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Forecasting West Nile Virus Infections A Machine Learning Approach to Epidemiological Monitoring
  • +1
  • Rachel Chen,
  • Aidan Schneider,
  • Starlika Bauskar,
  • Francisco Rodriguez
Rachel Chen
NASA STEM Enhancement in Earth Science
Aidan Schneider
NASA STEM Enhancement in Earth Science

Corresponding Author:aidan.p.sch@gmail.com

Author Profile
Starlika Bauskar
NASA STEM Enhancement in Earth Science
Francisco Rodriguez
NASA STEM Enhancement in Earth Science


Mosquitoes are vectors for a number of serious illnesses, such as Dengue, Zika, Malaria, and West Nile Virus. In the United States, West Nile Virus (WNV) is the leading mosquito-borne disease. As there are currently no vaccines to prevent WNV nor medications to cure it, government agencies must sustain financially taxing programs to monitor mosquito populations and WNV infections and share this data across various departments in an effort to prevent WNV outbreaks. In this study, we develop four machine learning models that forecast WNV infections in humans, enabling government and healthcare officials to take proactive action instead of reacting to real-time infection data. Our models take in open-access data describing ecological variables – such as temperature, humidity, wind, air quality index (AQI), and enhanced vegetation index (EVI) — and use that data to predict future WNV infections five weeks in advance. We then perform a comparative analysis of the two types of machine learning architectures – support vector machine (SVM) regressors and random forest (RF) regressors – represented across our four models to evaluate which is best suited for the task. Our results indicate RF regressors are best suited to the task of forecasting WNV infections; however, SVM regressors perform comparably well and even exceed RF regressors when the magnitude of error is unweighted. Additionally, our results contribute a new perspective on the usefulness of AQI and wind speed for predicting mosquito-borne infections. Our RF regressor’s feature importance results indicate that AQI and wind speed were of similar importance as EVI and humidity – ecological variables well-known to influence mosquito population dynamics. Our work provides valuable directions for future research and development of early warning systems for disease prevention efforts as our models’ ability to forecast WNV infections five weeks in advance provides critical lead time for government officials to pursue mosquito containment efforts and healthcare facilities to increase capacity, enabling proactive action in combating WNV.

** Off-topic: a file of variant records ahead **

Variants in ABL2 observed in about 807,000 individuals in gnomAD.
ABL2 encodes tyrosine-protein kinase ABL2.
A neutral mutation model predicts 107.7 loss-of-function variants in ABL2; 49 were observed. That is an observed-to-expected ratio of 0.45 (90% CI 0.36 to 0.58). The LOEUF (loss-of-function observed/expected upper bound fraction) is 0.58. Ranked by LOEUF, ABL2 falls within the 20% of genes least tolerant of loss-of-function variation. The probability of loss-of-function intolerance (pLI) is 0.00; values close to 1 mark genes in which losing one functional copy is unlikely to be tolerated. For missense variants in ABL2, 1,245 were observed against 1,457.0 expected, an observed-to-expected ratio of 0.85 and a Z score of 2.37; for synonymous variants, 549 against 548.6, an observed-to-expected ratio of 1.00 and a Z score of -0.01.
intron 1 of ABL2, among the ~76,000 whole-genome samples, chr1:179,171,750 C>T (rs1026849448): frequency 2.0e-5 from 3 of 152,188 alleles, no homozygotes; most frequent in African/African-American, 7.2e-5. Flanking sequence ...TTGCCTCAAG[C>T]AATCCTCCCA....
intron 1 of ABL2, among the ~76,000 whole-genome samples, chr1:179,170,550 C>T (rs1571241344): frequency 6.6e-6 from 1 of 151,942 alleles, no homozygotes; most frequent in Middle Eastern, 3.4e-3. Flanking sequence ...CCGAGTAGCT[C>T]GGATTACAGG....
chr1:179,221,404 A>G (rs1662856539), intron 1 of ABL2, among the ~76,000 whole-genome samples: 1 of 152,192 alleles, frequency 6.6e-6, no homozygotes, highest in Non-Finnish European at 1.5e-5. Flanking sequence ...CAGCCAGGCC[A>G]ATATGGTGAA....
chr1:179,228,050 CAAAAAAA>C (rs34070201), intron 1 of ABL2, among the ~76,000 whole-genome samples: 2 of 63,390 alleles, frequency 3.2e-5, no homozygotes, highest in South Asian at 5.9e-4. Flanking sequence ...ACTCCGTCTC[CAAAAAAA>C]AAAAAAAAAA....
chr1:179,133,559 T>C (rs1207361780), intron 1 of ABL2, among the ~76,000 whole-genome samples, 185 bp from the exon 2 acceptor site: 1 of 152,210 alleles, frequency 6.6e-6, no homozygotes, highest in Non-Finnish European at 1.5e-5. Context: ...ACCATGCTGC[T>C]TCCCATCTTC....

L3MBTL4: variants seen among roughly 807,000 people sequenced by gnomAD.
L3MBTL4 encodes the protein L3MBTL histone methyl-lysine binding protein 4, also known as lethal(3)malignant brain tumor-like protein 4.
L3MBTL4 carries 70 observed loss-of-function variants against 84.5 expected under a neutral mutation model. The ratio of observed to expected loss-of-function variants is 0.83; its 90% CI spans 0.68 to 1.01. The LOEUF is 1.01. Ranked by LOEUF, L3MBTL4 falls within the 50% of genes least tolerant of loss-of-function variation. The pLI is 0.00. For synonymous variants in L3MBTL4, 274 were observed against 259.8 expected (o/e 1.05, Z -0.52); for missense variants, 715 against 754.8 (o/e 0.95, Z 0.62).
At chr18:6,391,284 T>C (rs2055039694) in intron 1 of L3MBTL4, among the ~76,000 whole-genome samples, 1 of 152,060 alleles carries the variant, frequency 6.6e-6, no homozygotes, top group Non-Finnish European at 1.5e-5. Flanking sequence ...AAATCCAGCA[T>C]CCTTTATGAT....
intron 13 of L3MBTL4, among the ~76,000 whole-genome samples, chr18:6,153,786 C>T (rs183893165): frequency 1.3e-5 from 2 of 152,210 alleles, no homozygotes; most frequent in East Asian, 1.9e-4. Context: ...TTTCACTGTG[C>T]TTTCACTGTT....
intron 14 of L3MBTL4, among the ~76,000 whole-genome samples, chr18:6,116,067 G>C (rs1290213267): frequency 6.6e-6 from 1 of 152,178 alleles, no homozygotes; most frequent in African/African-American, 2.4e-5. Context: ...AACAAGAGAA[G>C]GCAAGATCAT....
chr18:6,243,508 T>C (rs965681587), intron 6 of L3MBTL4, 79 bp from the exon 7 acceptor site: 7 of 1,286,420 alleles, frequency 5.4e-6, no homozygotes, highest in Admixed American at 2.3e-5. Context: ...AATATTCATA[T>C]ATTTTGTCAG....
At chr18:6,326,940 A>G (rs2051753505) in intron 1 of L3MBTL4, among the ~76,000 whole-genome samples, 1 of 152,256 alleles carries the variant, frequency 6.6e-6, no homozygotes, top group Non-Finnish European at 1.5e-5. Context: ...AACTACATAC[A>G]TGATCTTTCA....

02 Jul 2023Submitted to ESS Open Archive
03 Jul 2023Published in ESS Open Archive